Brock University main campus from above.
It’s undeniable: Canadian post-secondary students are suffering.
According to the latest available statistics from the National College Health Assessment survey, 52 per cent of students enrolled at Canadian colleges and universities in 2019 reported feeling so depressed that, at some point in the 12 months preceding the study, “it was difficult to function.”
Another 69 per cent of the over-55,000 students that participated in the survey said that they felt “overwhelming anxiety” sometime in the last year.
An incredible 16.4 per cent of Canada’s post-secondary attendees said that, at some point in the previous 12 months, they had “seriously considered suicide”; with 2.8 per cent of respondents actually attempting to take their own lives (that’s over 60,000 students).
Compared to the general population, the NCHA figures are staggering.
Per the Public Health Agency of Canada , in 2019 2.5 per cent of all Canadians reported having suicidal thoughts in the past year. Though still tragically high, the number is far below the 16.4 per cent of post-secondary students who seriously considered suicide over the same time period. In fact, proportionally speaking, at 2.8 per cent college and university students actually attempted suicide at a higher rate than the general population simply contemplated doing so.
All of the above-mentioned data were collected prior to the Covid-19 pandemic. Needless to say, prolonged isolation and uncertainty appear to only be making the situation worse.
Recognizing the growing crisis at hand, the provincial government recently announced that it would provide an additional $7 million to help Ontario post-secondary students access mental health and addiction services. The supplementary funds are on top of a previously committed $19.25 million set aside for college and university students suffering from new and heightened pressures during Covid-19.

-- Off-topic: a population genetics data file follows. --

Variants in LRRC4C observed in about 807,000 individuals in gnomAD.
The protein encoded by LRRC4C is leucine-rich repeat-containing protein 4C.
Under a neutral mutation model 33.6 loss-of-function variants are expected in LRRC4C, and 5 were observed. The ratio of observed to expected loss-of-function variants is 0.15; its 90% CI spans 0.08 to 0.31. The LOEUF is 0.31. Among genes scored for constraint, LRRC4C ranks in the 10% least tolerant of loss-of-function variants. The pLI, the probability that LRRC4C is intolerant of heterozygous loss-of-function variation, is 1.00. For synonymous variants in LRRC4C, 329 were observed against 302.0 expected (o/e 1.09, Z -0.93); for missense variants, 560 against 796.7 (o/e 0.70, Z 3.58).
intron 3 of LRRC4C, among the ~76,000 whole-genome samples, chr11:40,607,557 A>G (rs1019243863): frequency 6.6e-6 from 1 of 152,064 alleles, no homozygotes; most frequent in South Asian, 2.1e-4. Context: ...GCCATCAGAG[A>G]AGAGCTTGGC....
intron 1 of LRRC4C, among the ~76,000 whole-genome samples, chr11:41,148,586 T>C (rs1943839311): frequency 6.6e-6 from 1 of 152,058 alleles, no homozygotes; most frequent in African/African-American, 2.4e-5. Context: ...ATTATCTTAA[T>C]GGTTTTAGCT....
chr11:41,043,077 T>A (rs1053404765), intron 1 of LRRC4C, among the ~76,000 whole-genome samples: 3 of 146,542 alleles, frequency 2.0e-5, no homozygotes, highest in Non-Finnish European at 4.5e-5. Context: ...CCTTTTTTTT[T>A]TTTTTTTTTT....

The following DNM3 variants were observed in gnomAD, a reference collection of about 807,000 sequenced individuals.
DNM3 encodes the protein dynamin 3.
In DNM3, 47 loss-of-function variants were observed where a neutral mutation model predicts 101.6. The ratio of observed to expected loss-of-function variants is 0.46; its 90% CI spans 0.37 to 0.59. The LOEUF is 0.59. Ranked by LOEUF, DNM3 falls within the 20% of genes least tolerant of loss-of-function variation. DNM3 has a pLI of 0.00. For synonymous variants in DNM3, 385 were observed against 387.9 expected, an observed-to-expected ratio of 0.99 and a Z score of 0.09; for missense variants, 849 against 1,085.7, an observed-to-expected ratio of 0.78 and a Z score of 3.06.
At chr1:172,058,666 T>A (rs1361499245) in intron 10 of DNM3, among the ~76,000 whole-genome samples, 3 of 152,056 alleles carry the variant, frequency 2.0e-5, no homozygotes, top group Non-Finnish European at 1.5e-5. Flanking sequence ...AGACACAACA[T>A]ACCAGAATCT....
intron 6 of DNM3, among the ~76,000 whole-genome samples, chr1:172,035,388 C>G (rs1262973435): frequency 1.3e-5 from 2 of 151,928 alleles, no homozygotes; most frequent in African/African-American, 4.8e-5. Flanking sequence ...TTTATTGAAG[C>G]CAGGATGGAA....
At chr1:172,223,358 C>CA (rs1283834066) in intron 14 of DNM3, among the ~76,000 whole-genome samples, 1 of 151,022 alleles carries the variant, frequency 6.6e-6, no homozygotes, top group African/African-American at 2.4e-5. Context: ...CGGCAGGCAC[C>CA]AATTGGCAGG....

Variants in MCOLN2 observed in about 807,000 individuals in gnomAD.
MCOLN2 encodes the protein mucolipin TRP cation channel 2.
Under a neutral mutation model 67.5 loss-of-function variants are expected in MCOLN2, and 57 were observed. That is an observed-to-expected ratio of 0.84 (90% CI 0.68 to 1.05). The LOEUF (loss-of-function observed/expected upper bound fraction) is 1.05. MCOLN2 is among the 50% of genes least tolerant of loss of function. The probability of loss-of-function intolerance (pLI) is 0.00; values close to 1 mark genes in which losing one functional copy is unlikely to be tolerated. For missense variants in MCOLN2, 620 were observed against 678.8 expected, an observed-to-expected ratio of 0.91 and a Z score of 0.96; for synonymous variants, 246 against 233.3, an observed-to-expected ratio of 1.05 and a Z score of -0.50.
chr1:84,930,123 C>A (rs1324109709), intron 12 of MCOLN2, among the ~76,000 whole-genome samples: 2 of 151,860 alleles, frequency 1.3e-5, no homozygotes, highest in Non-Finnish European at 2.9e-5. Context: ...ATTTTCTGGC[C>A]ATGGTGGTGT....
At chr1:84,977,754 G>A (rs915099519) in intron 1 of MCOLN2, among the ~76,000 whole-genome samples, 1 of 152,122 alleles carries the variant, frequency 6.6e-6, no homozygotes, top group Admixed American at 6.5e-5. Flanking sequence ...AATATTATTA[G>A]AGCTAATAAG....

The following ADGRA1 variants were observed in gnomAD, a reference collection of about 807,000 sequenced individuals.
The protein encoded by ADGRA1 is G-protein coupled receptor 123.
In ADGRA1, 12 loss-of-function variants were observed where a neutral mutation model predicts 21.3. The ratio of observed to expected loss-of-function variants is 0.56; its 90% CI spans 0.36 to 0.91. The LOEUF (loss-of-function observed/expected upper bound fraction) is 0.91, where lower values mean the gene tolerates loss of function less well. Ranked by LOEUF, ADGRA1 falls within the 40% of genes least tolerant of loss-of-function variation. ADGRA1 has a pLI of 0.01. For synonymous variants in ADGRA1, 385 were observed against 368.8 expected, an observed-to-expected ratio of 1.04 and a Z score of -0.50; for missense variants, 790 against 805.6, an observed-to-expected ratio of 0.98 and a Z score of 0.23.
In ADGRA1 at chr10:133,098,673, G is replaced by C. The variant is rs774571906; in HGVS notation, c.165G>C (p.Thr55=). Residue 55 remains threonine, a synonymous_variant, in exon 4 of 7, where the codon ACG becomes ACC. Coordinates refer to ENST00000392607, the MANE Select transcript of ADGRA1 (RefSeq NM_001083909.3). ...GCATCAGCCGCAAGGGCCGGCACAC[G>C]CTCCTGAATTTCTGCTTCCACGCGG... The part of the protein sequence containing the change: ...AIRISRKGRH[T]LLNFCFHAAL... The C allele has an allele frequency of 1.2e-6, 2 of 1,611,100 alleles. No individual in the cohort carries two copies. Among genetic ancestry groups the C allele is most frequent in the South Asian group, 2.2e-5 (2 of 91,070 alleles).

On Thursday of last week, Niagara’s two post-secondary institutes learned that they would collectively receive just shy of $750,000 for relevant student services.
On hand for the announcement via Zoom videoconference were Associate Minister of Mental Health and Addictions Michael Tibollo, Niagara West MPP Sam Oosterhoff, Brock University president Dr. Gervan Fearon, and Niagara College president Sean Kennedy. Also present were Dr. Sarah Pennisi, Director of the Student Accessibility and Wellness Centre at Brock, and Lianne Gagnon, Director of Student Services at Niagara College.
“We continue to hear from mental health professionals that our youth are under more pressure and more stress than any recent generation,” said Minister Tibollo.
“In these unprecedented times, this investment will help to ensure that the mental health services they need are going to be there to support them, when they need it.”
Niagara College will receive $348,749, while Brock University will get $401,020 of the increased funds.
“Our students’ health and wellness has always been, and continues to be, a top priority for Niagara College,” said President Sean Kennedy. “This new mental health funding will allow us to offer additional support to students in our community and expand our virtual and online resources.”
“Brock University is grateful for the province’s ongoing commitment to postsecondary students’ mental health,” said President Gervan Fearon. “This funding [will allow us] to increase our effectiveness and scope in delivering mental health supports for our students.”
The $26.25 million total commitment from the province for the 2020/21 academic year represents a $10.25 million increase from 2019/20.